The district has strongly urged staff to refrain from wearing safety pins saying they have become a political symbol. Others have argued the pins simply tell students who feel threatened after the presidential election that they have a safe person to talk to about issues.

Matt Hodapp / KCUR 89.3

On this week's episode of Statehouse Blend Kansas and Statehouse Blend Missouri, hosts Brian Ellison and Sam Zeff talk with KCUR's Peggy Lowe and Amy Jeffries about the future of the Kansas and Missouri Statehouses going forward after the 2016 elections.

Guests:

Sam Zeff / KCUR 89.3

Everyone knew what the judge was going to do Thursday in an 8th floor federal courtroom in downtown Kansas City when former St. Joseph School District superintendent Dan Colgan appeared for sentencing.

Still, there were a couple of surprises.

Kansas Supreme Court

After roughly a million dollars in TV and radio ads plus a blizzard of postcards, the Kansas Supreme Court didn't change one bit with Tuesday's elections.

With a majority of precincts reporting, all four of the justices who had been targeted by the Republican Party, Kansans for Life and other conservative groups comfortably won retention.

Matt Hodapp / KCUR 89.3

On this special elections episode of Statehouse Blend Kansas and Statehouse Blend Missouri, hosts Sam Zeff and Brian Ellison discuss results and us give an idea of where things stand in Kansas and Missouri.

Matt Hodapp / KCUR 89.3

On this week's episode of the Statehouse Blend Kansas podcast, KCUR reporter Elle Moxley and panelists Mark Tallman from the Kansas Association of School Boards and Dave Trabert, President of the Kansas Policy Institute, take an in-depth look at the future of education in Kansas.

This episode of Statehouse Blend Kansas was recorded live at the Johnson County Library Central Branch.

Webmaster102 / Wikimedia Commons

One outcome of the 2016 elections that we know already: the make-up of the Kansas Legislature will be different.

That raises some questions, like this one our Kansas elections coverage team got from Cynthia in Leawood:

Is it possible that Kansas will elect enough moderates to reverse the open carry gun policies in KS, especially on college campuses? Would Brownback veto such a measure?

Sam Zeff / KCUR 89.3

Education political action committees in Kansas are spreading around tens of thousands of dollars to help both conservative and moderate legislative candidates.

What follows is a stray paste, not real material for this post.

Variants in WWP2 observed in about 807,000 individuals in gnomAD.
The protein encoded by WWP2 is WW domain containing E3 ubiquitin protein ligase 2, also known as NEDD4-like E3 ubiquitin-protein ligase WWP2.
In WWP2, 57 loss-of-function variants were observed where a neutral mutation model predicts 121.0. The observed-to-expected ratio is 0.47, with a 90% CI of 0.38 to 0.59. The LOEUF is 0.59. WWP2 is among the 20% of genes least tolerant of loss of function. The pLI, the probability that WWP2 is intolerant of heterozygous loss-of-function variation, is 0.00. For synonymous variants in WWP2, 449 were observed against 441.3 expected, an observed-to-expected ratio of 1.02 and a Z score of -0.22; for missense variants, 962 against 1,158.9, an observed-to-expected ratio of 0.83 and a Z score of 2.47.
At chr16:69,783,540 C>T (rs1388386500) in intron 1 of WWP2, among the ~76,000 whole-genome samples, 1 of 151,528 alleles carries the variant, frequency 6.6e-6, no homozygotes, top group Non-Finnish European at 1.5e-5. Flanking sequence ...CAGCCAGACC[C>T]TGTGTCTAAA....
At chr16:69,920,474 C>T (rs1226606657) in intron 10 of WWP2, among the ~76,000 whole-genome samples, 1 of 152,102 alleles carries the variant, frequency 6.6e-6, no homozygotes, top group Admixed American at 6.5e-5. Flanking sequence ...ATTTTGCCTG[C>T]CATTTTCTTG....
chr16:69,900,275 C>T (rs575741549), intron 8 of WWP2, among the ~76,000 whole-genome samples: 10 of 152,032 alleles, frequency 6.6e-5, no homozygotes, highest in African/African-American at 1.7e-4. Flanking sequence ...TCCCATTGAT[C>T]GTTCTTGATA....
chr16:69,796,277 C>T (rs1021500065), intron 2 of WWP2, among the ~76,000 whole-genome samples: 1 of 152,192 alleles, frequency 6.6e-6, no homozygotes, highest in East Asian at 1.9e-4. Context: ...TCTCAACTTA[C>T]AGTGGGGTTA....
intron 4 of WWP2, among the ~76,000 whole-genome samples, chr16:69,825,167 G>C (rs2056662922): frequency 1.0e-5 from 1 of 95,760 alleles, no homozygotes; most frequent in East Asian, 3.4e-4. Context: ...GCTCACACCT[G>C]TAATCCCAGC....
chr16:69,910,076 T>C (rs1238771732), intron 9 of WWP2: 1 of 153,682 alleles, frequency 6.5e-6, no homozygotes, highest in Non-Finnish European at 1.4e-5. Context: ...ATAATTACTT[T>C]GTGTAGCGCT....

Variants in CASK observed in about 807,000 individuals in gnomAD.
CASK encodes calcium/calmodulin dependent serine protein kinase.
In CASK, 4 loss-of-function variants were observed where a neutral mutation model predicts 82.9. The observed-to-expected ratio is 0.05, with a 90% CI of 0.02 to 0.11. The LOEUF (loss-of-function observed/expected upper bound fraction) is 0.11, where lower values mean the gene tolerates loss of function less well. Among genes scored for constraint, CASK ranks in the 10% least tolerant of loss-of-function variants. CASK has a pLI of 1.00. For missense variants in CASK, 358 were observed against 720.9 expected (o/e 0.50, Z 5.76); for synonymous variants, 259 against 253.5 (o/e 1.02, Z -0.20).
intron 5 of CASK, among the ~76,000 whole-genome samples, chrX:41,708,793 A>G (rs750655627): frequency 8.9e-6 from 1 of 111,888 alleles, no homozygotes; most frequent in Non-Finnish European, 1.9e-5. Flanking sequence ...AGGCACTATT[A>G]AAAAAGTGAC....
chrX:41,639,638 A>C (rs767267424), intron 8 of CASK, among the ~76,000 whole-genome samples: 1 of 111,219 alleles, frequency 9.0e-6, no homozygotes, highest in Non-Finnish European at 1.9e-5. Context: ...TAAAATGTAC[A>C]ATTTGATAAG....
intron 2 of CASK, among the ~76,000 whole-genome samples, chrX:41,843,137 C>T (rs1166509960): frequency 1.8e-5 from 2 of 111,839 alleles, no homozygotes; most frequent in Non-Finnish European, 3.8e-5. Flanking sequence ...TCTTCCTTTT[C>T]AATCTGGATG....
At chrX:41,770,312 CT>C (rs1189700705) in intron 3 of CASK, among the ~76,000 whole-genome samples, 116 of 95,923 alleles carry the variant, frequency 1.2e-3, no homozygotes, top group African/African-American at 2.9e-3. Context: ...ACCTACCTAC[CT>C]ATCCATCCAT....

There are two big education political action committees in Kansas and they back very different candidates.

The Kansas NEA PAC is funded by contributions solicited by the union and in the last reporting period made about $29,000 in campaign contributions and spent $12,400 on polling.

Matt Hodapp / KCUR 89.3

On this week's episode of Statehouse Blend Kansas, Rep. Russell Jennings (R-Lakin) discusses the 2016 election, guns on college campuses, education funding, and his campaign for speaker of the house.

Guests:

Gage Skidmore / Flickr

The statewide team that's been collaborating to cover elections in Kansas this year is taking your questions

John Trewolla from Prairie Village sent us this one:

I sure am curious about whether and how the Koch brothers from Wichita are influencing the GOP (especially Brownback's) campaign. Not to put too fine a point on it, is Brownback in their pocket?

Matt Hodapp / KCUR 89.3

On this week's episode of the Statehouse Blend Kansas podcast, former Democratic Representative, Melody McCray-Miller, and former Gov. Bill Graves' Communications Director, Mike Matson, attempt to decode the political spin of this election season.

This episode of Statehouse Blend Kansas was recorded live at The Anchor in Wichita, Kan.

Guests:

bigstock.com

In a sign of just how close a few legislative races are in Kansas, someone has paid for so-called push polling in three contests.

A push poll uses unflattering questions about someone to "push" the voter in the direction of their opponent. It has no scientific value and is recognized as negative, if not downright dirty, campaigning.

The first TV spot has landed in the contentious battle to retain four Kansas Supreme Court justices in the November Election. The ad was paid for by Kansans for Fair Courts, the group backing retention.

The 30-second spot will start airing in the Wichita market on Friday and it takes on the two biggest issues Republicans and other conservatives are using against four of the five justices on the ballot: the death penalty and school finance.

Emory Maiden / Flickr - CC

After two of sessions with a federal mediator, the union representing Shawnee Mission teachers says it's reached a deal with the district.

The two sides declared an impasse back in July and met with the mediator once last month and then finalized the tentative deal last Thursday.

Shawnee Mission will put 0.65 percent more into salaries in the new contract, says union president Linda Sieck. That will cost the district, she says, about $2.9 million dollars more this year.

Sieck says this is a modest increase but everyone is worried about the worsening Kansas budget.

Kansas Supreme Court

It’s been a half century since Kansas has executed a convicted killer and generally speaking, it’s not much of a political issue in the state.

But conservatives are banking on capital punishment in their campaign to oust four state Supreme Court justices.

When it comes to whether or not the Supreme Court justices should be kept on the bench or voted out, we’ve heard mostly about school finance and whether the high court should even be a player in that.

But lurking in the background, especially around Wichita and in western Kansas, is the death penalty.

Matt Hodapp / KCUR 89.3

On this week's episode of Statehouse Blend Kansas, Senate President Susan Wagle (R-Wichita) discuss a new policy plan, education funding, and the upcoming elections.

Guests:

Jim McLean
KHI News Service

Kansas received more bad financial news on Monday when the state said tax collections in September missed projections by $45 million.

Since the new fiscal year started July 1, Kansas has collected $68 million less than expected.

But one state House leader is trying to put a good face on a bleak picture.

In an email to colleagues Sunday, Rep. Ron Ryckman, the conservative House budget chairman from Olathe, said lawmakers are facing "challenging times." But "we should not forget the groundwork that has been laid to begin improving the fiscal outlook," he wrote.